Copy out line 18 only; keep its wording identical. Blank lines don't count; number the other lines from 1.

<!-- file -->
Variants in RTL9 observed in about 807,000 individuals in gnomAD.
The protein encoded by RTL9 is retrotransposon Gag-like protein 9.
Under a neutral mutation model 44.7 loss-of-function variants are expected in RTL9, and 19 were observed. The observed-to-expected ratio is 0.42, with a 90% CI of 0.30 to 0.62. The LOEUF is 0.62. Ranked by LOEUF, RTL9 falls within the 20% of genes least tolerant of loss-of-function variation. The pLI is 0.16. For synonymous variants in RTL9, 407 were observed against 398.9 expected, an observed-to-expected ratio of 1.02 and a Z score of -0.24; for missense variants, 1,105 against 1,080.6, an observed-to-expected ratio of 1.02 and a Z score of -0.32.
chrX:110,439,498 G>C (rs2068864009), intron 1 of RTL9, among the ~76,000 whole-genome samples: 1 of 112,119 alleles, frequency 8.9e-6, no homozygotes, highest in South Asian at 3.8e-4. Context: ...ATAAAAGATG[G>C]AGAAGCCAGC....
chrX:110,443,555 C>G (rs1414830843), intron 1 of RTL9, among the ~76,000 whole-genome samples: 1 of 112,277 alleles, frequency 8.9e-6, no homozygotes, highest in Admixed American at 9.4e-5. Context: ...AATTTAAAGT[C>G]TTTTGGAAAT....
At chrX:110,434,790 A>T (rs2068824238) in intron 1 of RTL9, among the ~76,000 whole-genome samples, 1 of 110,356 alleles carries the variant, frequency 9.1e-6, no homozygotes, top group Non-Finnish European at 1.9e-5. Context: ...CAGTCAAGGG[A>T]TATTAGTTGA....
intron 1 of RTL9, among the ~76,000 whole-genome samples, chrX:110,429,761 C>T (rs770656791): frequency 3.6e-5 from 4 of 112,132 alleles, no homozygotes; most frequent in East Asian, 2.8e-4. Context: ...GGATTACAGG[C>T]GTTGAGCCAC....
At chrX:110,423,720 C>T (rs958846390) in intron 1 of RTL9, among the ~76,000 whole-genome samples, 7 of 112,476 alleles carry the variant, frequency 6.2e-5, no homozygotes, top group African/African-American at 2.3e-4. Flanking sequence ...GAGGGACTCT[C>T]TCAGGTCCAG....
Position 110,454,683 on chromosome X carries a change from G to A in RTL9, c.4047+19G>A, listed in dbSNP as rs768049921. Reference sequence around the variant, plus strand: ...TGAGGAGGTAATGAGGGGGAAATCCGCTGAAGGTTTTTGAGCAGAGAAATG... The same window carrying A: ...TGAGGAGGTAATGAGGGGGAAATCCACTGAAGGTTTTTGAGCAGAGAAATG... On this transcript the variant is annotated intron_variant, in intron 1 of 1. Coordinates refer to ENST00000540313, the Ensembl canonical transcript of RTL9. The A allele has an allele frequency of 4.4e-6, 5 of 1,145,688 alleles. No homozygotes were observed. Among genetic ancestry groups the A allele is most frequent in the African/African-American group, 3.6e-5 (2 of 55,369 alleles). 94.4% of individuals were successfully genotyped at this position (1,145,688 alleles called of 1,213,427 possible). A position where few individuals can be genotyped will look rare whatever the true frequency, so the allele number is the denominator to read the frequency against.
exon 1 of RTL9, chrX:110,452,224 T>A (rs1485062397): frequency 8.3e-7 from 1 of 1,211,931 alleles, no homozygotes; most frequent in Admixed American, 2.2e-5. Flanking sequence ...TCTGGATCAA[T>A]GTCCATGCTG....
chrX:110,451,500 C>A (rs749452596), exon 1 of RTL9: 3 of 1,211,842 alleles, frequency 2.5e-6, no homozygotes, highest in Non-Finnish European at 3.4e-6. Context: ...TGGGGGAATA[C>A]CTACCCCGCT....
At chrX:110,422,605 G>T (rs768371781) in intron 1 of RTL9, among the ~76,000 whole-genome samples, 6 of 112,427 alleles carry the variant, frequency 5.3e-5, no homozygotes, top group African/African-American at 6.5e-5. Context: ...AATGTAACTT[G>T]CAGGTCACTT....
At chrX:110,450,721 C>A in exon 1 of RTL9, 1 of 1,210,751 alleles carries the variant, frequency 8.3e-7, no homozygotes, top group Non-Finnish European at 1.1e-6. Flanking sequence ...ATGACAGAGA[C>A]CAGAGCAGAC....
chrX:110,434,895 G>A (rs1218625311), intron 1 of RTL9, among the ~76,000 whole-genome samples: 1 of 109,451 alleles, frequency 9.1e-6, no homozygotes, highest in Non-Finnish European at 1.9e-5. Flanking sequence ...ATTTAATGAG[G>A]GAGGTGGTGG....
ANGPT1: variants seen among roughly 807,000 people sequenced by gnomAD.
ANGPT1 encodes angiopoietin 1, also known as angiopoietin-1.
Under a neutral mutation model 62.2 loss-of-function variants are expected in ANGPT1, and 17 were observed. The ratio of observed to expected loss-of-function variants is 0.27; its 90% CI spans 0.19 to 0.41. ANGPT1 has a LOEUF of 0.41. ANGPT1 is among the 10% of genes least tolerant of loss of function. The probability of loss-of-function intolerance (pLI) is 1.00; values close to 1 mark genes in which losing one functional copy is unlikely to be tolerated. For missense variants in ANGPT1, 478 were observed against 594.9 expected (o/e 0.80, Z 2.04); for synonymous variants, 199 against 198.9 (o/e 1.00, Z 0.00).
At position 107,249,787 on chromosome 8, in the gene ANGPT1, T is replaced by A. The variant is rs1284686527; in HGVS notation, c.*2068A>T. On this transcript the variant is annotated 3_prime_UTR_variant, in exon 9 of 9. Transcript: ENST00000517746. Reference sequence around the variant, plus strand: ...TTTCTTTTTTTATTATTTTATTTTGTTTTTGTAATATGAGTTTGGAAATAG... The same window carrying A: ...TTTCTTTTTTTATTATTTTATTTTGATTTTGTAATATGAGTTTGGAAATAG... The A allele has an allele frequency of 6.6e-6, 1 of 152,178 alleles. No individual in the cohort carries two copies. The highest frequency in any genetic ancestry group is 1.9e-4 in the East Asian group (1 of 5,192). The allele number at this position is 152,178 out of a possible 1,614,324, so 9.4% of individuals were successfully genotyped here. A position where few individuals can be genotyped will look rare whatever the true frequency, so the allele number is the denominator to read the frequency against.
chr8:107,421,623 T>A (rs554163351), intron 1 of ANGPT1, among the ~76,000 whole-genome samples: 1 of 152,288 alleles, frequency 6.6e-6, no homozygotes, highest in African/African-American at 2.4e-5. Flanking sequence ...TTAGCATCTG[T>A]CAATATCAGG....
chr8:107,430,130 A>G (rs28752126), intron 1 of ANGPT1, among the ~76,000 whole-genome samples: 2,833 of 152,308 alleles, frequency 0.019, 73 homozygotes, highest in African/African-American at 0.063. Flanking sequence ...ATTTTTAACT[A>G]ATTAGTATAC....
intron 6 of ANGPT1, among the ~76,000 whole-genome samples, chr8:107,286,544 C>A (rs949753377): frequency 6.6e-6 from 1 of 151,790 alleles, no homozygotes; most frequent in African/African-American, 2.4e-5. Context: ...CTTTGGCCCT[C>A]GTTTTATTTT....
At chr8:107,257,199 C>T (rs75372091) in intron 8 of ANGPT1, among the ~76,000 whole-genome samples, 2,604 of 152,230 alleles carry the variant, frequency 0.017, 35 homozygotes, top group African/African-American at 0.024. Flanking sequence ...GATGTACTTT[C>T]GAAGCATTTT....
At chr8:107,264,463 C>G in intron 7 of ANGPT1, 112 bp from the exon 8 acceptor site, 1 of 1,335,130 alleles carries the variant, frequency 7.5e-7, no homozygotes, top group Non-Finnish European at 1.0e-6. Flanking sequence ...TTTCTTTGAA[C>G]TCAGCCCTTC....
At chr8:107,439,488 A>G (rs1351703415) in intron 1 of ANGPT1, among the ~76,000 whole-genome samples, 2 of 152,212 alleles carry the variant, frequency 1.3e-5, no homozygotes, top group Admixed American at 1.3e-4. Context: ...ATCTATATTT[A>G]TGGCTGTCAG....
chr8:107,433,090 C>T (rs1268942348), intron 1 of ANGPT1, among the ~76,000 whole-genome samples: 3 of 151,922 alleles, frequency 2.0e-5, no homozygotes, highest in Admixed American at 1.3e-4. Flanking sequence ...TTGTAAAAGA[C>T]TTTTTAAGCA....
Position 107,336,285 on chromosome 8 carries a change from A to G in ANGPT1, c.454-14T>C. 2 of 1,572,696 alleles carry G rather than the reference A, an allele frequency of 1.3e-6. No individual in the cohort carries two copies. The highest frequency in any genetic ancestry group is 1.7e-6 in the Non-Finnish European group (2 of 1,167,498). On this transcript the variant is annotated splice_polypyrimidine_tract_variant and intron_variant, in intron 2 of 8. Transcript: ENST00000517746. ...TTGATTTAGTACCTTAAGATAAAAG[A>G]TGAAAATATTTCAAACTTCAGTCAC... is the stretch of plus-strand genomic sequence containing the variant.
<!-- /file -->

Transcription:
At position 107,249,787 on chromosome 8, in the gene ANGPT1, T is replaced by A. The variant is rs1284686527; in HGVS notation, c.*2068A>T. On this transcript the variant is annotated 3_prime_UTR_variant, in exon 9 of 9. Transcript: ENST00000517746. Reference sequence around the variant, plus strand: ...TTTCTTTTTTTATTATTTTATTTTGTTTTTGTAATATGAGTTTGGAAATAG... The same window carrying A: ...TTTCTTTTTTTATTATTTTATTTTGATTTTGTAATATGAGTTTGGAAATAG... The A allele has an allele frequency of 6.6e-6, 1 of 152,178 alleles. No individual in the cohort carries two copies. The highest frequency in any genetic ancestry group is 1.9e-4 in the East Asian group (1 of 5,192). The allele number at this position is 152,178 out of a possible 1,614,324, so 9.4% of individuals were successfully genotyped here. A position where few individuals can be genotyped will look rare whatever the true frequency, so the allele number is the denominator to read the frequency against.